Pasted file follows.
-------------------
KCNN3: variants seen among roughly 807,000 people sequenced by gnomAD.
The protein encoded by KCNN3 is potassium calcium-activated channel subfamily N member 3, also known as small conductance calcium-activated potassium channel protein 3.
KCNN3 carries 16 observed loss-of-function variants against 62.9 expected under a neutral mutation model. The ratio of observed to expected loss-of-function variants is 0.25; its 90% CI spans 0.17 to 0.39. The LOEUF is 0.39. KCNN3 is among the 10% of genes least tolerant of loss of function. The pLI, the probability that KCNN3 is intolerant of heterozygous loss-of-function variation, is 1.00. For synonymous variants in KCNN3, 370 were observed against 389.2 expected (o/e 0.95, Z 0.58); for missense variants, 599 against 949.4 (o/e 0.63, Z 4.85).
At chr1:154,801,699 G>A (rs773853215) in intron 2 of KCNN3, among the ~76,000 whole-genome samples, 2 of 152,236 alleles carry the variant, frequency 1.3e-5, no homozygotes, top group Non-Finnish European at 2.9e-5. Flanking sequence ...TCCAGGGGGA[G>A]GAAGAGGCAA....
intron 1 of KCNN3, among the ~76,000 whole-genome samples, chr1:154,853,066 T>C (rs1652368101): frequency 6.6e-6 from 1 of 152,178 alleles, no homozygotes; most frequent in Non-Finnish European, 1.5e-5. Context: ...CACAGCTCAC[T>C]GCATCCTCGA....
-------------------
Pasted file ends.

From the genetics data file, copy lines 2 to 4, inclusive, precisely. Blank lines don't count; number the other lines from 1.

The protein encoded by KCNN3 is potassium calcium-activated channel subfamily N member 3, also known as small conductance calcium-activated potassium channel protein 3.
KCNN3 carries 16 observed loss-of-function variants against 62.9 expected under a neutral mutation model. The ratio of observed to expected loss-of-function variants is 0.25; its 90% CI spans 0.17 to 0.39. The LOEUF is 0.39. KCNN3 is among the 10% of genes least tolerant of loss of function. The pLI, the probability that KCNN3 is intolerant of heterozygous loss-of-function variation, is 1.00. For synonymous variants in KCNN3, 370 were observed against 389.2 expected (o/e 0.95, Z 0.58); for missense variants, 599 against 949.4 (o/e 0.63, Z 4.85).
At chr1:154,801,699 G>A (rs773853215) in intron 2 of KCNN3, among the ~76,000 whole-genome samples, 2 of 152,236 alleles carry the variant, frequency 1.3e-5, no homozygotes, top group Non-Finnish European at 2.9e-5. Flanking sequence ...TCCAGGGGGA[G>A]GAAGAGGCAA....